Miller and thousands of other Washington State childcare providers often look after children from low-income families whose childcare costs are subsidized by the Washington State government. Merely because part of her business revenue includes these subsidies, the government claims she is a “public employee” solely for the purposes of union representation. As a result, Washington granted SEIU the power to force her under their union monopoly bargaining scheme and dictate the terms of how she runs her home-based business.

Scheme’s ‘Logic’ Could Force Anybody Under Union Monopoly Representation

Faced with being forced under an SEIU monopoly against her will, Miller, along with another childcare business owner, Cindy Mentele, filed a federal lawsuit with the help of National Right to Work Legal Defense Foundation staff attorneys in 2016. Their lawsuit challenged Washington’s policy as an infringement of their First Amendment right of free association.

“If SEIU bosses and their allies in Washington’s government can coerce a woman who runs a small childcare business in her own home into associating with a union, then there is no legal limit to who can be forced to accept a government-appointed ‘representative’ to speak to and lobby the government for them,” observed National Right to Work Foundation President Mark Mix.

After the frequently overturned Ninth Circuit Court of Appeals decided against her in February, Miller and her Foundation staff attorneys filed a petition asking the U.S. Supreme Court to take the case. Mentele, sick of waiting for her First Amendment rights to be protected by the courts and her state government, has since stopped accepting children who are in thestate’s low-income subsidy program.

“The ugly message that the State of Washington’s current law sends is: If you want your freedom of association protected, your business will need to discriminate against children from low-income families,” added Mix.

Foundation Victories Provide Key Precedents for Protecting Free Association

The petition asks the court to hold government-mandated forced “representation” to the same standard that led the Supreme Court to find in the landmark 2018 Janus v. AFSCME decision that forced union fees violate the First Amendment. In that ruling, the Supreme Court also held that government-granted union monopoly bargaining power over public employees is “a significant impingement on associational freedoms that would not be tolerated in other contexts.”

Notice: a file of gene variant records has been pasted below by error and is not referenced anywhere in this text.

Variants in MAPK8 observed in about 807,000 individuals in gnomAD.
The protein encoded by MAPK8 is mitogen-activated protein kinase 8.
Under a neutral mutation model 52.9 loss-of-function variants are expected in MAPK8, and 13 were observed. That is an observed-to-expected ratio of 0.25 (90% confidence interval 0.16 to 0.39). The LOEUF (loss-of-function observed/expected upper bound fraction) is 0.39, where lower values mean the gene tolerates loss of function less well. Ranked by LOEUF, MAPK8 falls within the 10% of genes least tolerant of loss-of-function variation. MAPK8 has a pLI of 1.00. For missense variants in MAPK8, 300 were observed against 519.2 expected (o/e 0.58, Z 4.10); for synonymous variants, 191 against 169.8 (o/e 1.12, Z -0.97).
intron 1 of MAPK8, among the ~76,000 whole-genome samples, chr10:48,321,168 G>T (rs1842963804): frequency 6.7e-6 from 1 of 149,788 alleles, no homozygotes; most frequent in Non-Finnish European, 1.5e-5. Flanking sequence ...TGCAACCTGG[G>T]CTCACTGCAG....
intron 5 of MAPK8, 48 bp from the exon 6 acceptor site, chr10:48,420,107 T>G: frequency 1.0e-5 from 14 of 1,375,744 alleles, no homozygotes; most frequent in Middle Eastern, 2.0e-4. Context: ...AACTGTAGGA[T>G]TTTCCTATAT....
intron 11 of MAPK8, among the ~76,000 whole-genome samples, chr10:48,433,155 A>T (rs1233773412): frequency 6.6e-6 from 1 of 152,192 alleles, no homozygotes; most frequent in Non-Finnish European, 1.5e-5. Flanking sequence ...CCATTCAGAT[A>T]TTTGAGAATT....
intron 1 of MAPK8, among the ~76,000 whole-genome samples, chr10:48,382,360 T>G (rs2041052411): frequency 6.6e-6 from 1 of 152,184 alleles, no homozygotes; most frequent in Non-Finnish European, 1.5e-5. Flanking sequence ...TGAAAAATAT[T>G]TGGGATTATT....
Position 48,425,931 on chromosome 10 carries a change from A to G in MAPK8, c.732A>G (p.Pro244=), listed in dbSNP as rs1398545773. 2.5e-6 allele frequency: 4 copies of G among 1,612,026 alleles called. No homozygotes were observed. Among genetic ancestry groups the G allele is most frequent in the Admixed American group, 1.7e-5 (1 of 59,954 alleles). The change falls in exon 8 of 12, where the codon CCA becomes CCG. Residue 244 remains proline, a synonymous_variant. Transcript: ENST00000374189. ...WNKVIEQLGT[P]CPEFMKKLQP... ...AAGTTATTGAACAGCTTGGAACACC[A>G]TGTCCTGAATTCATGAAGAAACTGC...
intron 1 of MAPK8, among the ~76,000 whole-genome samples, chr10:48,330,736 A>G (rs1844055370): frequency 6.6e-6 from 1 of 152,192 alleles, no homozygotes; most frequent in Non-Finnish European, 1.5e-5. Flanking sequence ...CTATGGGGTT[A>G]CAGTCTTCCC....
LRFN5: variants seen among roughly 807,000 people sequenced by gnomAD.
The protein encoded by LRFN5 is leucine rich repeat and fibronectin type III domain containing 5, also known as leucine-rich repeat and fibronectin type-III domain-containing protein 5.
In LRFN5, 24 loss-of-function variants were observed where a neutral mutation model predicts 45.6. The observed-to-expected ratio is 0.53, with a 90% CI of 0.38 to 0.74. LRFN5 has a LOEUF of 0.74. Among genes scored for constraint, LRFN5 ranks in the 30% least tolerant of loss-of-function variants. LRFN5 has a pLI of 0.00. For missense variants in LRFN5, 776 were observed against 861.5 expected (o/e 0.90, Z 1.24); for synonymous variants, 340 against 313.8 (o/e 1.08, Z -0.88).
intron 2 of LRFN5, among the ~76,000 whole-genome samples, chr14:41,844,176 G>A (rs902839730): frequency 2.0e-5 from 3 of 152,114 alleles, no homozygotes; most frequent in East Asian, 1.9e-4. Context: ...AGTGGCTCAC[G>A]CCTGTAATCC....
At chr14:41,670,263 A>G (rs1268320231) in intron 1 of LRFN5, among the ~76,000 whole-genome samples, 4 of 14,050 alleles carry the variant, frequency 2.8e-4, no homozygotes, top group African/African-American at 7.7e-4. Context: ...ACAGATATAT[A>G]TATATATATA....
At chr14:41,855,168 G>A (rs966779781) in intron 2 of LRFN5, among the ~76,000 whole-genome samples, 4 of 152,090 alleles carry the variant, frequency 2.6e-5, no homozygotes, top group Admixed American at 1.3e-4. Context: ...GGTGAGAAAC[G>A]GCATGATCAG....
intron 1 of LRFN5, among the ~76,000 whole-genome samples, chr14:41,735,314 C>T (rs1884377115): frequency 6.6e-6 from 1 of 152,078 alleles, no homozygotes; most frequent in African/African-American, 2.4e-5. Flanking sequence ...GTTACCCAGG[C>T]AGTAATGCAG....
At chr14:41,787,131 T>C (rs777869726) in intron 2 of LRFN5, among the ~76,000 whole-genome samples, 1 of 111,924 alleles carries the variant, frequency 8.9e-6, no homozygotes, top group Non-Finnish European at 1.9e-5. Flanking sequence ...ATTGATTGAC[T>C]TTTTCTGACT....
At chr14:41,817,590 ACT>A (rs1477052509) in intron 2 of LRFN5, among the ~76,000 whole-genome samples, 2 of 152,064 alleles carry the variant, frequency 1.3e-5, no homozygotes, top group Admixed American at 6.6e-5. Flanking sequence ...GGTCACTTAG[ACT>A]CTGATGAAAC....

In this case, Miller maintains that Washington’s policy breaches the First Amendment by forcing her to associate with union officials whose representation she doesn’t want and to which she didn’t consent. Miller’s argument also cites the High Court’s holding in the 2014 Harris v. Quinn case, which invalidated forced union fees for similar home-based care providers on the grounds that they are not full-fledged “public employees.”

Supreme Court Asked to Protect Freedom of Association

The petition argues that finding, in combination with the Supreme Court’s observation in Janus regarding forced association in “other contexts,” warrants Supreme Court review.

Foundation staff attorneys successfully argued and briefed both the Janus and Harris cases at the Supreme Court. In both cases the Supreme Court applied a heightened level of “exacting” First Amendment scrutiny to the government-imposed forced dues, which is what Miller asks the Court to apply in her case challenging forced association with a union.

“Based on misinterpretations of not only Janus, but also earlier Foundation-won Supreme Court precedents, courts across the country have looked the other way as union bosses and their allies in government have come up with increasingly outrageous schemes to force individuals under union monopolies against their will,” said Mix. “Forcing individuals under union boss representation against their will is at the core of all of Big Labor’s coercive powers, and it is time for the Supreme Court to step in and acknowledge that government-appointed representation is not compatible with First Amendment freedom of association.”

4 Aug 2019

Michigan Workers Halt Union Bosses’ Tactics to Undermine Right to Work

The following article is from the National Right to Work Legal Defense Foundation’s bi-monthly Foundation Action Newsletter, May/June 2019 edition. To view other editions or to sign up for a free subscription, click here.

Rather than face Foundation attorneys, union officials back down from forced-dues schemes

Since Right to Work legislation was signed into state law in December 2012, Foundation staff attorneys have provided free legal aid in more than 100 cases in Michigan for workers like Jeffery Hauswirth as they combat forced unionism abuses.

MICHIGAN – Since the 2012 passage of Right to Work legislation in Michigan, Foundation staff attorneys have provided free legal assistance to Michigan workers, challenging compulsory unionism’s abuses in more than 100 cases.